Regarding IPv4-compatible IPv6
I hear this desire a lot from armchair designers, but I've yet to have one enumerate an actual way for IPv6 to be retro-compatible with IPv4 that isn't present in IPv6 already.
IPv4 addresses are a subset of IPv6 addresses - if you have an IPv4 address, then it also exists in (at least) five different forms for different (mostly failed) compatibility mechanisms in IPv6:
- As an "IPv4-Compatible IPv6 Address" in ::/96 - e.g. 192.0.2.1 is also ::c000:21. The transition mechanisms that wanted to use this form of addressing (e.g. the original form of SIIT) never reached deployable state, and thus this form is now deprecated.
- As an "IPv4-Mapped IPv6 Address" in ::ffff:0:0/96 - e.g. 192.0.2.1 is also ::ffff:c000:21. This is still in use, so that applications can pretend that IPv4 does not exist, and use these to refer to IPv4 addresses (when talking to the network stack, and in some protocols).
- In 64:ff9b::/96 for NAT64 and 464XLAT purposes - e.g. 192.0.2.1 is also 64:ff9b::c000:21. This allows you to communicate over an IPv6-only network with a central IPv4 host that does NAT for you, getting you the CGNAT experience when talking to IPv4 hosts; this is deployed in (at least) T-Mobile USA and EE UK mobile networks.
- Lots of times in 64:ff9b:1::/48 (depending on provider) to allow you to have multiple NAT64 or 464XLAT deployments addressed differently.
- As a 6to4 prefix in 2002::/16, for example 192.0.2.1 gets you control of all of 2002:c000:21::/48. This lets you route IPv6 as an overlay on your existing IPv4 network, but is not popular because properly deployed IPv4 will always be at least as fast as or faster than IPv6 carried over an IPv4 network.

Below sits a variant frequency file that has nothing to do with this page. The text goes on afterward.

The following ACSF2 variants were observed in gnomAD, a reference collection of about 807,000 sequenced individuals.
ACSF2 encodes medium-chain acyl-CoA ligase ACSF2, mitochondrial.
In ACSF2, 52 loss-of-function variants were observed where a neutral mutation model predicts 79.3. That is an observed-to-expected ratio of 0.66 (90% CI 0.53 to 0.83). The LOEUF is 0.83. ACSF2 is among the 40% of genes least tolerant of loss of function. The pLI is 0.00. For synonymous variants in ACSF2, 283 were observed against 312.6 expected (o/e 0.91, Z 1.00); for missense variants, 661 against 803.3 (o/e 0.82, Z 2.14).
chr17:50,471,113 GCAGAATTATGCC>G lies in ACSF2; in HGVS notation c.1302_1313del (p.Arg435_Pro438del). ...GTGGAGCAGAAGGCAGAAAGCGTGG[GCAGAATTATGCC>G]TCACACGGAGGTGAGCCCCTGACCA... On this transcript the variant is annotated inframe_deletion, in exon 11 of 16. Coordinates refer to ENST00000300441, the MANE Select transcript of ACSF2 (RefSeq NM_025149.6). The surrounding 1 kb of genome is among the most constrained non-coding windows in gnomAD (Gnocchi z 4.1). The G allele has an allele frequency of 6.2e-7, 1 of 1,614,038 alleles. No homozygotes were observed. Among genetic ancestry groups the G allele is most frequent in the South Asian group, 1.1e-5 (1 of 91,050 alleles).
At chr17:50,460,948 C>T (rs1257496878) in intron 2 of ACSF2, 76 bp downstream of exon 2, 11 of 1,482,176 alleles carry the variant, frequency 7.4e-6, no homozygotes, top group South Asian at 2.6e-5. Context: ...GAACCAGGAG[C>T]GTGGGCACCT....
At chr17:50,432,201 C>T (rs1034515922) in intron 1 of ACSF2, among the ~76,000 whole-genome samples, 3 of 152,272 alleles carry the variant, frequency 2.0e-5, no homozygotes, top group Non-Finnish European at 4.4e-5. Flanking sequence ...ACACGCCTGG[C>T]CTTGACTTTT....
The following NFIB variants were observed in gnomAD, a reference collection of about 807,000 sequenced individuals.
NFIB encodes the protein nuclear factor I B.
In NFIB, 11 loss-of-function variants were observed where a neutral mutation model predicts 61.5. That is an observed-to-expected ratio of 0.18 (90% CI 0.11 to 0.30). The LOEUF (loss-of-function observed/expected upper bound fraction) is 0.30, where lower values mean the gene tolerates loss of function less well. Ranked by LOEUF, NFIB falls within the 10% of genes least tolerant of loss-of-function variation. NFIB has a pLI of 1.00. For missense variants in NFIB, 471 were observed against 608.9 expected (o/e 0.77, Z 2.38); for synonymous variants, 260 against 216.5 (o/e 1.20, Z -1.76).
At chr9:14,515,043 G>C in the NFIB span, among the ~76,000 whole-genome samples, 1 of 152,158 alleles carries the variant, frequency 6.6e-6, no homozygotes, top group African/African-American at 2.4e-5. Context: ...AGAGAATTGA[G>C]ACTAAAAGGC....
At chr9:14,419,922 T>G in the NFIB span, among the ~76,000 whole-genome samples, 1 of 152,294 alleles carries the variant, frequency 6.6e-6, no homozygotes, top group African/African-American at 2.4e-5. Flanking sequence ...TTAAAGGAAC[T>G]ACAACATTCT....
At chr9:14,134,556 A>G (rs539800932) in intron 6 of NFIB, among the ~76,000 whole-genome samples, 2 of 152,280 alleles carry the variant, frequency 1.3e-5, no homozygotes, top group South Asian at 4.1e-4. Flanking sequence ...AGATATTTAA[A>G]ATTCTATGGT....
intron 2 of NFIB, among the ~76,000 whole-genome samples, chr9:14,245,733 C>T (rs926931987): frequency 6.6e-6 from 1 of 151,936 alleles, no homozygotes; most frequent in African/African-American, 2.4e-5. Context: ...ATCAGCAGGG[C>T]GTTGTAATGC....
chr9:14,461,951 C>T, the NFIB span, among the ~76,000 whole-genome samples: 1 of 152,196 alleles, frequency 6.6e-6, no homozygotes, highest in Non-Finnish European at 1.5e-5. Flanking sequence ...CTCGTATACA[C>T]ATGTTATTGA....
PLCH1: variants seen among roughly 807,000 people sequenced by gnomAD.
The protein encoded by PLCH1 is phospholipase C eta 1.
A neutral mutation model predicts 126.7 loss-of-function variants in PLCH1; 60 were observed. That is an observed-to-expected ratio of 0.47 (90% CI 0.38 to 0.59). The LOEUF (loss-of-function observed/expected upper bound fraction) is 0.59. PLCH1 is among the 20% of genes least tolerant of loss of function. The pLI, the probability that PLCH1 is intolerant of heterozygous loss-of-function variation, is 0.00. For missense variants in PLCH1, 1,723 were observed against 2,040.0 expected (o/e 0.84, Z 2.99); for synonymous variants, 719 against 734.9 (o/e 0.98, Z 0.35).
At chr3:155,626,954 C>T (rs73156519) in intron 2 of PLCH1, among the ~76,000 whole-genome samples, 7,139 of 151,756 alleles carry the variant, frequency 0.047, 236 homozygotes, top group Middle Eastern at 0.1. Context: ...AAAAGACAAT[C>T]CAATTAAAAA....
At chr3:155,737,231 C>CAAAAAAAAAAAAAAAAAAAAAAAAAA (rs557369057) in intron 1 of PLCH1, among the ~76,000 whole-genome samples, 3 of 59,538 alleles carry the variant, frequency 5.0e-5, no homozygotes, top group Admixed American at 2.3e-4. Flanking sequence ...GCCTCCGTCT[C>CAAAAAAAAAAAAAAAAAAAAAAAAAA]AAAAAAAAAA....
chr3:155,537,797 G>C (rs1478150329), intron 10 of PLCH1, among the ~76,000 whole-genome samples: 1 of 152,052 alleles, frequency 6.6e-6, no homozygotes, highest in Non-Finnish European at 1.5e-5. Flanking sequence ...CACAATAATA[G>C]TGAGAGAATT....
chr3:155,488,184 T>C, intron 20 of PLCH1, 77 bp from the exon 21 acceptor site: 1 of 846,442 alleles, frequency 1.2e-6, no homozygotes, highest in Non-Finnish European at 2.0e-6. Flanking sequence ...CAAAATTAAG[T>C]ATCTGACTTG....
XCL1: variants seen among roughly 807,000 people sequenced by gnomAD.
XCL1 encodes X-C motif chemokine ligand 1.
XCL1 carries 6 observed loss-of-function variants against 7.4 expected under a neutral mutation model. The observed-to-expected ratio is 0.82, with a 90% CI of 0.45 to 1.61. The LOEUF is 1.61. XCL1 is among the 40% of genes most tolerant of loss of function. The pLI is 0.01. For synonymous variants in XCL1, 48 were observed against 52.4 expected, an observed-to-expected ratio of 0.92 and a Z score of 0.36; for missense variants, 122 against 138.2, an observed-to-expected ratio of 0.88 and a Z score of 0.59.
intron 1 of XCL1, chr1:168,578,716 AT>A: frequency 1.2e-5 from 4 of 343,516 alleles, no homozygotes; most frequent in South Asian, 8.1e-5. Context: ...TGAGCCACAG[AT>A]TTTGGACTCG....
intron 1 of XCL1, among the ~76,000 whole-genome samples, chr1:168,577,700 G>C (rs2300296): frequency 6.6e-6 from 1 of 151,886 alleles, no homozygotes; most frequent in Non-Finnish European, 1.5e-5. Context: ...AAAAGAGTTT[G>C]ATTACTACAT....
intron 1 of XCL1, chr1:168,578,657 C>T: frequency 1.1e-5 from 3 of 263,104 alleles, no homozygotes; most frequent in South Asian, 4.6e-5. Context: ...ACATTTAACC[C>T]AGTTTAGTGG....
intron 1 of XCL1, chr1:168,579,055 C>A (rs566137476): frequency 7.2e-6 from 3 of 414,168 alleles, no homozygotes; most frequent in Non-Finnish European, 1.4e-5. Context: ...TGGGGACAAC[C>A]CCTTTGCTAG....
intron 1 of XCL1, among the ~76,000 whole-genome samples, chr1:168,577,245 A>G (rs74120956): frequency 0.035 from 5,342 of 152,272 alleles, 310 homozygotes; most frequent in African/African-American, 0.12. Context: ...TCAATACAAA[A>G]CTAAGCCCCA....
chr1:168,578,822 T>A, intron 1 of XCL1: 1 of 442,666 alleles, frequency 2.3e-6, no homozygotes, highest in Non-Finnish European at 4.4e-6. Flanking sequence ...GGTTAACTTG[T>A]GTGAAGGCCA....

- On top of that, SIIT got reworked into SIIT-DC, which allows a pure IPv6 network to choose a prefix for IPv4 use and do stateless NAT instead of NAT64. And, of course, you can do NAT64 or 464XLAT in a private prefix.
Each of these mechanisms has its own set of problems as compared to running dual stack networks; 464XLAT and NAT64 are only happening now because in the mobile world, operators are beginning to experience pain from running NAT'd IPv4, and reducing the need for NAT via IPv6 saves actual dollars. And, if nothing else, pure IPv4 has the advantage of zero change needed - any alternative IPv6 proposal needs to cope with IPv4-only hosts that refuse any form of change to support IPv6, otherwise you face the same problems as SIIT, NAT64, and 6to4 do.